Where To Buy 'Shark Tank's Roominate Dollhouses, Because the Inspiring Company Deserves Your Support

It's no secret to viewers of ABC's Shark Tank that Lori and Mark are the hearts of the show. While Mark doesn't hide the fact that he is a business person first, you'll notice that he is always there to champion people's accomplishments, even if he doesn't end up buying into their company. A father to daughters himself, he also seems to have a soft spot for the development of young women in business, and a desire for a better world for girls in general. So it came as no surprise when one hopeful business that caught Mark's eye this season was Roominate, a new learning experience for girls that wants to disrupt the world of pink playthings by allowing kids to construct and engineer their own doll houses.

As many know, the girls' toy aisle is woefully unimaginative. Having said that, I personally loved dolls, and many other girls seem to enjoy playing with them too. They can also be great for childhood development, as numerous researchers and parents have gone on record about the developmental benefits of some healthy fantasy play (and not just for girls). Roominate doesn't want to rid the toy aisle of dolls, but they do want to make sure girls of the world have dolls that promote education and engineering.

Watch the video below for a refresher on Roominate, and then learn the additional reasons that you should be rooting for them as much I am. And once you're convinced (if you aren't already) that this is an amazing product more than worthy of huge success, you can buy one of Roominate's many products on its website, and preorder the newer toys.


They don't just talk the talk. Creators Alice Brooks and Bettina Chen met while pursuing engineering masters degrees at a little place called Stanford (maybe you've heard of it?). They bonded instantly, being two of the few women in the male-dominated field. They connected over what inspired them to take up engineering: the toys they grew up with. They wanted to bring the experience full circle and create toys that combine building and problem solving with traditional modes of play for girls, like storytelling and crafts. It's a perfect solution to an imperfect industry. Dolls aren't the problem, but the way the experience is marketed and packaged is. Roominate fixes the problem by encouraging innovation.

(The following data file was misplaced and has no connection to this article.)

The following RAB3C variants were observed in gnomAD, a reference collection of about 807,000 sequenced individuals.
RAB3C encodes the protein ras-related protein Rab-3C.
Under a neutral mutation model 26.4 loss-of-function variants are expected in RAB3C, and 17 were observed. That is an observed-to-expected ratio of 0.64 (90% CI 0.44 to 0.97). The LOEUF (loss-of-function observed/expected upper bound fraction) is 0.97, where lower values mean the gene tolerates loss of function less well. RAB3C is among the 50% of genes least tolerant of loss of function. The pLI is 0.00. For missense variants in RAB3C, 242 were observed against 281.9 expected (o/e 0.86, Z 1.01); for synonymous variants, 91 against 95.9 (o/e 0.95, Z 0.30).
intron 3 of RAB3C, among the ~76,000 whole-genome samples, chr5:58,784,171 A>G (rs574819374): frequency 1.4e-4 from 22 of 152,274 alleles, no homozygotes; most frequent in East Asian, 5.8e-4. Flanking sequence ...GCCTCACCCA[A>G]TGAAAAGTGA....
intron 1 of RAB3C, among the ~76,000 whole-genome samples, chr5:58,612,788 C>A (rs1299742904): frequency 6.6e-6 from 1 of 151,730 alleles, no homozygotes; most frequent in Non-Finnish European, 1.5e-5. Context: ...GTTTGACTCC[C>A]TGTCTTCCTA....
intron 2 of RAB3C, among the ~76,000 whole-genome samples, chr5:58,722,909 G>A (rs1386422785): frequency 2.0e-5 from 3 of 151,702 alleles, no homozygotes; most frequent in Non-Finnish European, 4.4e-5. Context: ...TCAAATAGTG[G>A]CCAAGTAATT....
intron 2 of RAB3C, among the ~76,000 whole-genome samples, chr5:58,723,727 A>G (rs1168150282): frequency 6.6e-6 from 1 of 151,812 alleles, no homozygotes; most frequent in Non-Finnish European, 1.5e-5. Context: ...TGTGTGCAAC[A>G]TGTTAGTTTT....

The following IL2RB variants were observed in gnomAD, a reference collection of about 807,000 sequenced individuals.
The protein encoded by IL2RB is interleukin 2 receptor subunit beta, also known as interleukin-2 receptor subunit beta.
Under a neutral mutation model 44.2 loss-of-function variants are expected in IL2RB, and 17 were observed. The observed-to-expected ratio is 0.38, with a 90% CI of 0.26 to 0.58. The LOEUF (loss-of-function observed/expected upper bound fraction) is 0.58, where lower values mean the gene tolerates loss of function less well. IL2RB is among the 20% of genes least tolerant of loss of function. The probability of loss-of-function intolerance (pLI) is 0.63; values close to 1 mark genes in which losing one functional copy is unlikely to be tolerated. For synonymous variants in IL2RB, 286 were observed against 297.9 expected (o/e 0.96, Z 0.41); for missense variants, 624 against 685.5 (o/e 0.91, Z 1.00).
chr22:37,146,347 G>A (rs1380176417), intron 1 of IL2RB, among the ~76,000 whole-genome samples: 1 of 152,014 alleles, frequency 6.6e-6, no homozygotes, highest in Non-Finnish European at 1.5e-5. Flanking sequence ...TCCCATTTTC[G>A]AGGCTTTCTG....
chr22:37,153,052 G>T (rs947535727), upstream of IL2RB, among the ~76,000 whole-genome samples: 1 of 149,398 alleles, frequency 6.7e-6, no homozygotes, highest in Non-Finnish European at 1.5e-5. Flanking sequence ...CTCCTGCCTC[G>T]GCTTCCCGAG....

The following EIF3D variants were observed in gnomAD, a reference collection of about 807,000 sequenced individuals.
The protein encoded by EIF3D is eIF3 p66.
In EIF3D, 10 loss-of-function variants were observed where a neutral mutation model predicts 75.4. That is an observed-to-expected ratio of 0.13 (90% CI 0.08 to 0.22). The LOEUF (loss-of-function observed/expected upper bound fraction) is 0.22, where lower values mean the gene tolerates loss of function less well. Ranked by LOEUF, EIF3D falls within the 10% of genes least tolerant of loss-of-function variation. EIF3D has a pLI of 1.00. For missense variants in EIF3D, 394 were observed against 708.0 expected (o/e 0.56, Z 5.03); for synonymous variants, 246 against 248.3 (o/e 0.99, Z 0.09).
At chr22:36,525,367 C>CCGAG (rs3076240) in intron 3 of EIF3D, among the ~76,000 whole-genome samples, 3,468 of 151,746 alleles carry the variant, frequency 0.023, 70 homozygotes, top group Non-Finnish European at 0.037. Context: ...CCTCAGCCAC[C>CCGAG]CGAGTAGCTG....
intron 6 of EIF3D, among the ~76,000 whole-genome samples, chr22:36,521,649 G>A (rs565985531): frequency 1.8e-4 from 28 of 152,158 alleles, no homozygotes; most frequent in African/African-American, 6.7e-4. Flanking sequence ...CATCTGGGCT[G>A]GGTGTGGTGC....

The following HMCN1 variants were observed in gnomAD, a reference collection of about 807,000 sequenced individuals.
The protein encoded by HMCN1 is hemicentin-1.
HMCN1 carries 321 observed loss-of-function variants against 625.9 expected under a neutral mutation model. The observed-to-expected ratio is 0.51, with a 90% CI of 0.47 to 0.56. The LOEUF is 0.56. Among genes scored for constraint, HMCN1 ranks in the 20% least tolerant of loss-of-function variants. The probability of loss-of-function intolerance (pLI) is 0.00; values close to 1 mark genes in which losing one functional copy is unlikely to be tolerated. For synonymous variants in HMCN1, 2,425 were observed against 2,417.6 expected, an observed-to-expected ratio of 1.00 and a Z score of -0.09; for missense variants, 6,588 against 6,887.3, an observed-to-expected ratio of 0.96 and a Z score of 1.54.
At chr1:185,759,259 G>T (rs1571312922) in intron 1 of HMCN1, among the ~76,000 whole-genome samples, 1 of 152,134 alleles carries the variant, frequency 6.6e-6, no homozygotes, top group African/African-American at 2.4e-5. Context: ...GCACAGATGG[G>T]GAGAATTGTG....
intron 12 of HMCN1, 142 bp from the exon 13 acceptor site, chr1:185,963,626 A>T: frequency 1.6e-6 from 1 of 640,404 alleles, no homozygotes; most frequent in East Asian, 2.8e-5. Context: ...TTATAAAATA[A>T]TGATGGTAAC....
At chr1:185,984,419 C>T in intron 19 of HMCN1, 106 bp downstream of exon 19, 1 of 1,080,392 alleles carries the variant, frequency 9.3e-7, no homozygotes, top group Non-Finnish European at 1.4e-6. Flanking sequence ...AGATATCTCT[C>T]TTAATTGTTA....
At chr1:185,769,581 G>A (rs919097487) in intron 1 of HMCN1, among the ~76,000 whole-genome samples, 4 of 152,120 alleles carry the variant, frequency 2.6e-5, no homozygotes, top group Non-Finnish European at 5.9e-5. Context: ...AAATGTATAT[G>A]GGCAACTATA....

That's "Science, Tech, Engineering, and Math," for the uninitiated. For too long, toys aimed at girls have put the player in a passive role. Roominate is looking to invigorate young girls' minds with toys that encourage them to create before they play. This is not just some Erector set. In addition to building walls, floors, and furniture, you can also hook up and wire lights, fans, even a carousel. Now that's some real ingenuity. Imagine a world where a young girl in your life not only says "I made that!" but also "I wired this ceiling fan!" Get ready for a generation of super badass young women.


Roominate's tag line is "inspiring the next generation of innovators" and the pair behind it have certainly been reaping accolades for it. Including Academics Choice Brain Toy and Parents Choice Gold Award.


In the clip above, Mark gladly invests in Roominate, so the creators can go on to be role models for other girls. His catch? The Roominate girls have to let his daughters come in and shadow them so they can learn how to work, effectively hiring the duo to be role models to his girls directly. An actual millionaire business tycoon wanting their kids to learn from you? That might be the highest form of a professional compliment.

Image: Roominate